- A former lawyer for Jeffrey Epstein’s cohort Ghislaine Maxwell argued in a court filing Friday that his op-ed about Bill Cosby did not violate the United States District Court for the Southern District of New York’s rules.
- The opinion and reasoning in Cosby’s case “applies directly to Ghislaine Maxwell’s case,” David Markus wrote in the June 30 op-ed, writing that “Despite its promise not to go after Maxwell, federal prosecutors in New York brought a federal case against her after Epstein died, arguing that it does not need to live up to the deal struck by federal prosecutors in Miami.”
- “But that reasoning makes no sense,” he added. “We have one federal government, and the agreement says clearly that the United States would not prosecute Maxwell.”
A former lawyer for Jeffrey Epstein’s cohort Ghislaine Maxwell argued in a court filing that his op-ed about Bill Cosby and Maxwell did not violate the United States District Court for the Southern District of New York’s rules.
The government submitted a letter bringing David Markus’ New York Daily News op-ed “Bill Cosby is free; Ghislaine Maxwell should be, too” to the court’s attention, Markus wrote in a Friday court filing released Monday. The former Maxwell attorney said that the government asked that the court “issue an order pursuant to Local Rule 23.1(h)” directed at Markus.
“The Pennsylvania Supreme Court did the right thing when it threw out Bill Cosby’s convictions because prosecutors cheated,” Markus wrote in the June 30 op-ed.
The former Maxwell attorney argued that prosecutors had promised Cosby they wouldn’t prosecute him if he testified in civil cases against him, but then broke their promise and “used Cosby’s statements in those depositions to win a conviction against him.”
The opinion and reasoning in Cosby’s case “applies directly to Ghislaine Maxwell’s case,” Markus said, noting that “Jeffrey Epstein pleaded guilty and struck a bargain with the prosecutors in Miami” and “in exchange for pleading guilty in state court, the U.S. attorney’s office agreed that it would not prosecute any of his alleged co-conspirators.”
“Despite its promise not to go after Maxwell, federal prosecutors in New York brought a federal case against her after Epstein died, arguing that it does not need to live up to the deal struck by federal prosecutors in Miami,” he wrote. “But that reasoning makes no sense. We have one federal government, and the agreement says clearly that the United States would not prosecute Maxwell.”
In the Friday court filing, Markus argued that his op-ed did not break any rules. The piece did not present any risk of “danger or prejudice” to Maxwell’s upcoming trial because the op-ed’s argument was already filed in public pleadings previously quoted by the media and did not disclose any confidential information, Markus said.
The former Maxwell attorney also argued that Maxwell, her family, and their counsel “have the right to respond to the numerous lawyers, witnesses, and surrogates who are speaking to the press and making it impossible for Ms. Maxwell to receive a fair trial.”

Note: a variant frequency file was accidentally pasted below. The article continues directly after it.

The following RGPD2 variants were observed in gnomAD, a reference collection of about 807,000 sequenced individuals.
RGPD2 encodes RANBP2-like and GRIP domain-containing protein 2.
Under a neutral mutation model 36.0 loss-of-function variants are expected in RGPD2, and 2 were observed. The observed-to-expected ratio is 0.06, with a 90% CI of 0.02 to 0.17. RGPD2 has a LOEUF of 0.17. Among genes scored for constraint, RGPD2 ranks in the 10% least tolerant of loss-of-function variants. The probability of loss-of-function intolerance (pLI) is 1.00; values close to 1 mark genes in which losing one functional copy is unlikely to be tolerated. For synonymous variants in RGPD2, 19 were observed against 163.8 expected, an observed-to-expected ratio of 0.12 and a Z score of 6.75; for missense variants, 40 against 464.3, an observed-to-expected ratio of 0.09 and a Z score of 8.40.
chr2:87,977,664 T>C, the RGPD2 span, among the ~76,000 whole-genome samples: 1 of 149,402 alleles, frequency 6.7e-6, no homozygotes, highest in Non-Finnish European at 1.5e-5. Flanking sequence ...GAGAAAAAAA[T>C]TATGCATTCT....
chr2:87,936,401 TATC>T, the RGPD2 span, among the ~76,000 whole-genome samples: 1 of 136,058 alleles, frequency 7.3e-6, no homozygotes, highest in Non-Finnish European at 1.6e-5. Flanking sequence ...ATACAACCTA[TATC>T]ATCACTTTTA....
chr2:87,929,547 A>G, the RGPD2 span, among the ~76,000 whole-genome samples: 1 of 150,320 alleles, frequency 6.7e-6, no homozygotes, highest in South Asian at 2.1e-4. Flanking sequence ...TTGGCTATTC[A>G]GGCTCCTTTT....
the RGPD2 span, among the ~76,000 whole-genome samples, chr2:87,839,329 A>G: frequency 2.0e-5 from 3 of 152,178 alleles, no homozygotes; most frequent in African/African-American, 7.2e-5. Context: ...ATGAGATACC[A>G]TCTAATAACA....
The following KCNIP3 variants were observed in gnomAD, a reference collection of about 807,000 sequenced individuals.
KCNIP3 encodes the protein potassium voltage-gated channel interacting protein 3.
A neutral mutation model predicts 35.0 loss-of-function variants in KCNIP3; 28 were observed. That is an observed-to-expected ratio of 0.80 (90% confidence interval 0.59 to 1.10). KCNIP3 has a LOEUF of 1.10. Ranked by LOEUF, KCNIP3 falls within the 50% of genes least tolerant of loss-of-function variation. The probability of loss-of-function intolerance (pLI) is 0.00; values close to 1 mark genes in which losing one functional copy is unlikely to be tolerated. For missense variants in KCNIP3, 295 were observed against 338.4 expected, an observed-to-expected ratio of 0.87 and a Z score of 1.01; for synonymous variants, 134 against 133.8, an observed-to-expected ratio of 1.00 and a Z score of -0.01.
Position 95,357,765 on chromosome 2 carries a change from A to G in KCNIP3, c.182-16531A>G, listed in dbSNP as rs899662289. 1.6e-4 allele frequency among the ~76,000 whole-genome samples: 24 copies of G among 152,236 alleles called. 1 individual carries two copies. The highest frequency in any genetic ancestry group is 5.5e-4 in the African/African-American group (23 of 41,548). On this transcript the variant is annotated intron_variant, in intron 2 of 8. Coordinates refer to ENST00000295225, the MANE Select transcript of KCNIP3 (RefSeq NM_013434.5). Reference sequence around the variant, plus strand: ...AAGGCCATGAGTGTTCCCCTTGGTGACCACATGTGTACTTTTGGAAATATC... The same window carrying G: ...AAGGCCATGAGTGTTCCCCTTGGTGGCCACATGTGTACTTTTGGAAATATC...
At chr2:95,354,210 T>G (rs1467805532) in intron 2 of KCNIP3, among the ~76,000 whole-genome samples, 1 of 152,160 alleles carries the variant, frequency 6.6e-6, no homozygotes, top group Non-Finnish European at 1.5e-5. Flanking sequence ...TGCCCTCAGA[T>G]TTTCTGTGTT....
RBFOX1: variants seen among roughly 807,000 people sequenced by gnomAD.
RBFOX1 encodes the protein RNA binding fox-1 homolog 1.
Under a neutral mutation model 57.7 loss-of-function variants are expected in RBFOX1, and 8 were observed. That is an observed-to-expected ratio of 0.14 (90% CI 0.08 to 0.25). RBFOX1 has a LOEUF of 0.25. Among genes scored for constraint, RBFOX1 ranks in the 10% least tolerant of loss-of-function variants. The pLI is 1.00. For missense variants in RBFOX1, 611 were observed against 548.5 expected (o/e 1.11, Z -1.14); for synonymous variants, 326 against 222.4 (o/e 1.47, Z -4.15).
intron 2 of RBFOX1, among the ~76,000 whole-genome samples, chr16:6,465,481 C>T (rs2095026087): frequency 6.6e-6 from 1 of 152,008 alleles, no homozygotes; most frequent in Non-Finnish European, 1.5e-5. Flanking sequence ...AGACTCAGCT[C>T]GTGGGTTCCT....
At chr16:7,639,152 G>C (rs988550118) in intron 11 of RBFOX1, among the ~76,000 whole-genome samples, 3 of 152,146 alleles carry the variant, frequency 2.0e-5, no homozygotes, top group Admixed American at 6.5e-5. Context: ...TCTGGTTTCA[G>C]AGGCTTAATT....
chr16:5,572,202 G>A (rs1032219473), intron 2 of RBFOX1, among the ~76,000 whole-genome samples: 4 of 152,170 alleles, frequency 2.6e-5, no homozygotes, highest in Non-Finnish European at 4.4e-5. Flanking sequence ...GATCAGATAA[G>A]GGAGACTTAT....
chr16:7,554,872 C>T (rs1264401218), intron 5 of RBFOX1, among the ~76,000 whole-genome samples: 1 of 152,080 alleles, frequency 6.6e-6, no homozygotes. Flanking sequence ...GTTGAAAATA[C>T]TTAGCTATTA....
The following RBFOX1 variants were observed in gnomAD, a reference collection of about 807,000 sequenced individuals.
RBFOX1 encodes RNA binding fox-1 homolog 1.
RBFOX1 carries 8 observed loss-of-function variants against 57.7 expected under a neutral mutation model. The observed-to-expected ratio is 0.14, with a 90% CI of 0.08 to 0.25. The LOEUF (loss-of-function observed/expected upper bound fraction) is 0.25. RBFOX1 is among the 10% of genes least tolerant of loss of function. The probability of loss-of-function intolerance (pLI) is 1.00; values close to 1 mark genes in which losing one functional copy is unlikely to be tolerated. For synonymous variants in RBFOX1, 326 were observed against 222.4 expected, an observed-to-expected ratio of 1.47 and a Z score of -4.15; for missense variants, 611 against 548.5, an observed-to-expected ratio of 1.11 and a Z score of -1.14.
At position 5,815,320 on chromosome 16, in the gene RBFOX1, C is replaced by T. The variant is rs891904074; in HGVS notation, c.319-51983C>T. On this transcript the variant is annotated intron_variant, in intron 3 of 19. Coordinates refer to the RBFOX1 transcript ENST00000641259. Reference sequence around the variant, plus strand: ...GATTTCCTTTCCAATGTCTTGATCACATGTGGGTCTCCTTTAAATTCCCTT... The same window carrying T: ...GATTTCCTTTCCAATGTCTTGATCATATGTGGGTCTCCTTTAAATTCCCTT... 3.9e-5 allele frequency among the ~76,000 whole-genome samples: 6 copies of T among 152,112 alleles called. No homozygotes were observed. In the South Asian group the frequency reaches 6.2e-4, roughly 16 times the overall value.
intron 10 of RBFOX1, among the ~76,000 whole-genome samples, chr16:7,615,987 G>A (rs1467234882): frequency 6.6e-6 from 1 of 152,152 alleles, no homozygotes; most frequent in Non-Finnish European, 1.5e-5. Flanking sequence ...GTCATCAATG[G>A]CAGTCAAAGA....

“The press has been unrelenting and overwhelmingly prejudicial in its coverage of Ms. Maxwell and her family, fueled by statements from involved parties about the matters at issue,” he continued. “It is not an understatement to say that 99.9% of the press coverage is pro-government and anti-Maxwell.
“The press has already tried and convicted he,” Markus said. “And the Government has done nothing to control its surrogates, which has only made the problem worse.”
He asked: “How can Ms. Maxwell be expected to receive a fair trial when lawyers for the accusers are holding press conferences, leaking information, and otherwise making wholly inappropriate comments to the press?”
Markus also argued that the government has created a “totally unlevel playing field” for Maxwell through “blowups, photographs, soundbites, inflammatory language, and strategic pauses to get the most impactful photo opportunity.” These are strategies designed to “stir up the press” and “inflame the passions of the public,” he wrote.
“And it worked,” the former Maxwell attorney added.DefenceSDNY did not immediately respond to a request for comment from the Daily Caller News Foundation.
Epstein died of apparent suicide in a federal jail in New York City in August 2019. Maxwell, who has been accused of involvement in Epstein’s crimes against young women, was arrested by the FBI in July 2020.
A grand jury indicted her on charges of conspiracy to entice minors to engage in illegal sex acts, conspiracy to transport minors to these illegal sex acts, transportation of a minor to engage in illegal sex acts and perjury.
The victims were as young as 14 years old, the indictment said, noting that both Maxwell and Epstein “knew that certain victims were in fact under the age of 18.”